The raspberry for dessert: In El Bolsón there is a place where fine fruits, cereals, yogurts, cheeses, ice creams and even new wheats are produced, all with organic certification

09 Dec 2021

At the beginning of the 1980s, Paul Adrion arrived in Argentina from the south of Germany, very close to the famous “black forest”, where he produced raspberries on a plot of half a hectare.

Already in 1984 he laid the foundations for Chacra Humus, an establishment that began with 3 hectares and today has 36, of which 7 are dedicated to fine fruit in El Bolsón, province of Rio Negro. In 1995 it obtained organic certification.

“I feel that even today there is no recognition of certified organic; in fact, in the local market we do not have a differentiating price, something that is recognized in the international market”, explains Wenceslao, Paul’s son and an agricultural engineer. “Despite this difference, today we do not export because local demand is high and growing and, on the other hand, exporting today is increasingly cumbersome.”

Humus sells all of its production of fine fruit in the area, especially in Bariloche, where the consumption of fresh seasonal fruit is very interesting and the frozen format allows marketing throughout the year.

Although they produce blackberries, cassis, corinth, currants, morello cherries, elderberries and strawberries, most of the farm’s fine fruit production is dedicated to raspberries because they grow very well in the area. Due to both climatic and agronomic conditions, yields of between 12 and 15 tons per hectare are obtained (something that does not happen with cherries, which have better productions further south).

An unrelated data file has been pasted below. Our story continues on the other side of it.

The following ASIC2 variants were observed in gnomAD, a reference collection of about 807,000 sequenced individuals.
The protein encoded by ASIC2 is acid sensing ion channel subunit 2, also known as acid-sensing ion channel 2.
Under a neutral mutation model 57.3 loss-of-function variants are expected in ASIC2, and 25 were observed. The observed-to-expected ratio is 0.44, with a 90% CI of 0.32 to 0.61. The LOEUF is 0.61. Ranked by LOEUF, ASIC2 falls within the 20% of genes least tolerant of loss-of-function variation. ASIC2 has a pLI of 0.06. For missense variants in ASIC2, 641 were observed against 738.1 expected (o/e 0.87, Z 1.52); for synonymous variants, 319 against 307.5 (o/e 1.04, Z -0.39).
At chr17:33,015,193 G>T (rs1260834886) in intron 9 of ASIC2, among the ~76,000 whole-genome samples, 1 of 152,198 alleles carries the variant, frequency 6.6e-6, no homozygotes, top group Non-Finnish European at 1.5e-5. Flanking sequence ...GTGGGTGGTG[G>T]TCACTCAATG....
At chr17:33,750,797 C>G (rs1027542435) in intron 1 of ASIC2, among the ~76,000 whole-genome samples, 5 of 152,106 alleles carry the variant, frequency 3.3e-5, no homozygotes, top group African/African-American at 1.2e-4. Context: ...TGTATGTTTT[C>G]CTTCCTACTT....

At this point, the question that arises is why, if the raspberry is increasingly positioned, does it not reach Buenos Aires since it is a product that is not seen in greengrocers and rarely in a supermarket.

“The issue is that the collector, who is the same one who buys watermelons and potatoes, does not know how to handle the product, and on top of this, the greengrocers do not want to risk losing anything and since the raspberry is delicate, they prefer to avoid it,” summarizes Wenceslao .

“The market and the demand are there, but we have to adjust the processes to ensure that the product arrives in good condition; this in gastronomy is solved because they are handled with frozen, but whoever wants to eat fresh raspberries in Buenos Aires, for now cannot”. The Andean region, made up of a good number of small producers of less than half a hectare, and medium producers of 2 to 3 hectares, produces 250 tons of raspberries per year.

But Humus is not limited to fine fruits but is made up of 5 business units. In the same property there are cows, for the production of yogurt, dulce de leche, ice cream and cheese; there is a nursery for fine fruit seedlings; there are cereals; and there is an agritourism circuit (with an ice cream parlor included) that culminates in a sales room for their products.